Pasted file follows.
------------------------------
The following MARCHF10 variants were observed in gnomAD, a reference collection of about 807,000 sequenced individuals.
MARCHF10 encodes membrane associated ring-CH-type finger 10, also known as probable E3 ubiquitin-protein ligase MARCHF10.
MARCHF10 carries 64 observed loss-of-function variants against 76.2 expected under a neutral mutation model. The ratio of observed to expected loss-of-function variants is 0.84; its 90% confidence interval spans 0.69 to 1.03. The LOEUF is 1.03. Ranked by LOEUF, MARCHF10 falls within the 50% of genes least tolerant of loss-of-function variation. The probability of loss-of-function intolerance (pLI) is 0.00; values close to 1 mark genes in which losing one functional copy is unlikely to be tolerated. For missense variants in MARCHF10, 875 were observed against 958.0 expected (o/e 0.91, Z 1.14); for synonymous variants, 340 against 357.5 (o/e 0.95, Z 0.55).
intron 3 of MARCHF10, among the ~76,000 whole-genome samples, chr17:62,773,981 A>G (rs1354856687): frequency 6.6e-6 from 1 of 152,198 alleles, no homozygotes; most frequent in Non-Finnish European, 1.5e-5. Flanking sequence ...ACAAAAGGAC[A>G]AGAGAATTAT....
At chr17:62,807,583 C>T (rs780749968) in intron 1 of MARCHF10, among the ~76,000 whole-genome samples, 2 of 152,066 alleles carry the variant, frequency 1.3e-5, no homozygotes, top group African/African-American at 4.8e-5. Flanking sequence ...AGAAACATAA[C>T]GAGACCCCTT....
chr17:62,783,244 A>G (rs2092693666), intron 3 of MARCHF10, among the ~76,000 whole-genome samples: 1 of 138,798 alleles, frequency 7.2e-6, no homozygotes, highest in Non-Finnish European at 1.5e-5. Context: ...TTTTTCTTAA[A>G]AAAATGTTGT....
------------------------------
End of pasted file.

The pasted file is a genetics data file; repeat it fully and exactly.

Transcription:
The following MARCHF10 variants were observed in gnomAD, a reference collection of about 807,000 sequenced individuals.
MARCHF10 encodes membrane associated ring-CH-type finger 10, also known as probable E3 ubiquitin-protein ligase MARCHF10.
MARCHF10 carries 64 observed loss-of-function variants against 76.2 expected under a neutral mutation model. The ratio of observed to expected loss-of-function variants is 0.84; its 90% confidence interval spans 0.69 to 1.03. The LOEUF is 1.03. Ranked by LOEUF, MARCHF10 falls within the 50% of genes least tolerant of loss-of-function variation. The probability of loss-of-function intolerance (pLI) is 0.00; values close to 1 mark genes in which losing one functional copy is unlikely to be tolerated. For missense variants in MARCHF10, 875 were observed against 958.0 expected (o/e 0.91, Z 1.14); for synonymous variants, 340 against 357.5 (o/e 0.95, Z 0.55).
intron 3 of MARCHF10, among the ~76,000 whole-genome samples, chr17:62,773,981 A>G (rs1354856687): frequency 6.6e-6 from 1 of 152,198 alleles, no homozygotes; most frequent in Non-Finnish European, 1.5e-5. Flanking sequence ...ACAAAAGGAC[A>G]AGAGAATTAT....
At chr17:62,807,583 C>T (rs780749968) in intron 1 of MARCHF10, among the ~76,000 whole-genome samples, 2 of 152,066 alleles carry the variant, frequency 1.3e-5, no homozygotes, top group African/African-American at 4.8e-5. Flanking sequence ...AGAAACATAA[C>T]GAGACCCCTT....
chr17:62,783,244 A>G (rs2092693666), intron 3 of MARCHF10, among the ~76,000 whole-genome samples: 1 of 138,798 alleles, frequency 7.2e-6, no homozygotes, highest in Non-Finnish European at 1.5e-5. Context: ...TTTTTCTTAA[A>G]AAAATGTTGT....